Author: Liao LR1, Ng GY2, Jones AY3, Pang MY4.
1L.R. Liao, MPT, Department of Physiotherapy, Guangdong Provincial Work Injury Rehabilitation Hospital, Guangzhou, China, and Department of Rehabilitation Sciences, Hong Kong Polytechnic University, Hong Kong, China. 2G.Y.F. Ng, PhD, Department of Rehabilitation Sciences, Hong Kong Polytechnic University. 3A.Y.M. Jones, PhD, School of Allied Health Sciences, Griffith University, Gold Coast, Australia. 4M.Y.C. Pang, PhD, Department of Rehabilitation Sciences, Hong Kong Polytechnic University, Hung Hom, Hong Kong, China.
Conference/Journal: Phys Ther.
Date published: 2015 Jan 15
Other: Word Count: 274
While whole-body vibration (WBV) has sparked tremendous research interest in neurorehabilitation, the cardiovascular responses to WBV in people with stroke remains unknown.
To determine the acute effect of different WBV protocols on oxygen consumption (VO2), heart rate (HR), rate of perceived exertion (RPE), blood pressure (BP), and rate-pressure product (RPP) during the performance of six different exercises among people with chronic stroke (time since onset ≥6 months).
Repeated measures design.
Each of the 48 participants experienced all three WBV protocols in separate sessions: (1) no WBV, (2) low-intensity WBV [peak acceleration: 0.96 unit of gravitational constant (G)], and (3) high-intensity WBV (1.61G). The order in which they encountered the WBV protocols was randomized, as was the order of exercises performed during each session. VO2, HR and RPE were measured throughout. BP and RPP were measured before and after each session.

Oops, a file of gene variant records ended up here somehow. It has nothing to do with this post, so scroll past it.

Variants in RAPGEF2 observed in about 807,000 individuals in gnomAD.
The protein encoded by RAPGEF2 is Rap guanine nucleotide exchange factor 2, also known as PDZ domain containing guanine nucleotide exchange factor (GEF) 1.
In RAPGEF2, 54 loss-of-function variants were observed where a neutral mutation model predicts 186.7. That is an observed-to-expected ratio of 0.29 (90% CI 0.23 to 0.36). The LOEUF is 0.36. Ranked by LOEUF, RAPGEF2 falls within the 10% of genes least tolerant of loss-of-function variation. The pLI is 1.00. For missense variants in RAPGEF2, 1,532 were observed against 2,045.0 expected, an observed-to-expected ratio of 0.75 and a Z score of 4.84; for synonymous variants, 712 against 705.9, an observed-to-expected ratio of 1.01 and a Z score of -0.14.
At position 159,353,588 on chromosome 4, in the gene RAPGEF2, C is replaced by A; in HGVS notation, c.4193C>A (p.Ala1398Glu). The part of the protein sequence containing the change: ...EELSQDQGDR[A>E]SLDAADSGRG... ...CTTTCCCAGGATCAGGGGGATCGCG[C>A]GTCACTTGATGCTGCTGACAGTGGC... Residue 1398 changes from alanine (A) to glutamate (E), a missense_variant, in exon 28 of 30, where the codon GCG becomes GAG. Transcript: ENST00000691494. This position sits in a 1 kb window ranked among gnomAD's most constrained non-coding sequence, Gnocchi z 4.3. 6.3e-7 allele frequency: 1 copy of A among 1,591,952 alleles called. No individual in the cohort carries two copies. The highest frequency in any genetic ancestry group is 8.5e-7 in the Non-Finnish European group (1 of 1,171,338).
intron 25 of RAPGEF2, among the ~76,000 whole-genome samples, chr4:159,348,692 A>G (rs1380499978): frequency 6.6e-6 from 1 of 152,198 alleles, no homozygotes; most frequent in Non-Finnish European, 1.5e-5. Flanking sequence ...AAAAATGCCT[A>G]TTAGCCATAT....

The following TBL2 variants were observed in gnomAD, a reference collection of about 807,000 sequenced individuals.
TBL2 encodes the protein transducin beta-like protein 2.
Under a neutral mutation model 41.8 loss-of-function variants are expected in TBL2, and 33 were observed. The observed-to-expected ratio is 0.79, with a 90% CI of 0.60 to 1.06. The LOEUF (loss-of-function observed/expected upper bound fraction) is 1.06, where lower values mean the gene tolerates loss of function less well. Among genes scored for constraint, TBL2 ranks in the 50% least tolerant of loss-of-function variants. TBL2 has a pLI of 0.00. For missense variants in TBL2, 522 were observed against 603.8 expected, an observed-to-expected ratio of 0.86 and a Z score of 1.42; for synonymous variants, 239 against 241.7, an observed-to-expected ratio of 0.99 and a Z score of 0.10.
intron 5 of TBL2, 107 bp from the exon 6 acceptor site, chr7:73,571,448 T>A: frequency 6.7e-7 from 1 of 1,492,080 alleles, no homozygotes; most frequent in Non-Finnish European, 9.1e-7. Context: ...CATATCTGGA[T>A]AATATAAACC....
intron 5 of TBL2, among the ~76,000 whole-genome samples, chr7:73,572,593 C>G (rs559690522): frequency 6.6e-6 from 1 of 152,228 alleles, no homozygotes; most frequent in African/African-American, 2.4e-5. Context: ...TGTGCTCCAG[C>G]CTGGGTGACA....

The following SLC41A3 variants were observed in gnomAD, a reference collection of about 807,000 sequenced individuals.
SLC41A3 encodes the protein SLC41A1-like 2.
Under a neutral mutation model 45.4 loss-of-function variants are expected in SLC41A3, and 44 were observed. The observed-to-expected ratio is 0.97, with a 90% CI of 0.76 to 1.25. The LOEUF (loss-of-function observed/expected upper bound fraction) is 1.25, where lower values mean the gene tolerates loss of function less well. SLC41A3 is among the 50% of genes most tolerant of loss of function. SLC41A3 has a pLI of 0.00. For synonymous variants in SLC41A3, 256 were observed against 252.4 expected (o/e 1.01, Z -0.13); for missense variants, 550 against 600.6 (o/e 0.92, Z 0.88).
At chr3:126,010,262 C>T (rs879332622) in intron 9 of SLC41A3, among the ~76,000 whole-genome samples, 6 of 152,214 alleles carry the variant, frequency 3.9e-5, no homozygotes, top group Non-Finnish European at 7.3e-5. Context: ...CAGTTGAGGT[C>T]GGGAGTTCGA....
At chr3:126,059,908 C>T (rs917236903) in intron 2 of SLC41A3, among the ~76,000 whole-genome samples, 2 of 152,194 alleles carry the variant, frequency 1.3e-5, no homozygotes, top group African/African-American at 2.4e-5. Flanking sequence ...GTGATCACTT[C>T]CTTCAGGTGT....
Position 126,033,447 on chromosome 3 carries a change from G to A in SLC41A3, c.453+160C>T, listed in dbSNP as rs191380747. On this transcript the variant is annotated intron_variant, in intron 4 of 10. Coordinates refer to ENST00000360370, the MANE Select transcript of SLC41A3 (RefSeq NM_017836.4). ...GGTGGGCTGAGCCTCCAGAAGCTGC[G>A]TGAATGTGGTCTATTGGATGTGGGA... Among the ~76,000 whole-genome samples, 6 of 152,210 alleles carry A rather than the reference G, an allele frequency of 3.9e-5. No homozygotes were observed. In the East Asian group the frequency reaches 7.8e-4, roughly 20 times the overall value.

Low-intensity and high-intensity WBV induced significantly higher VO2 by an average of 0.69 and 0.79ml/kg/min respectively (P≤0.001) than the control condition. These protocols also increased HR by an average of 4 beats per minute (P≤0.05). The two WBV protocols induced higher RPE than the control condition during static standing exercise only (P≤0.001). While the diastolic and systolic BP and RPP were increased at the end of each exercise session (P≤0.001), the addition of WBV had no significant effect on these variables (P>0.05).
The results are only generalizable to ambulatory and community-dwelling people with chronic stroke.
Addition of high- and low-intensity WBV significantly increased the VO2 and HR, but the increase was modest. WBV thus should not pose any substantial cardiovascular hazard in people with chronic stroke.
© 2015 American Physical Therapy Association.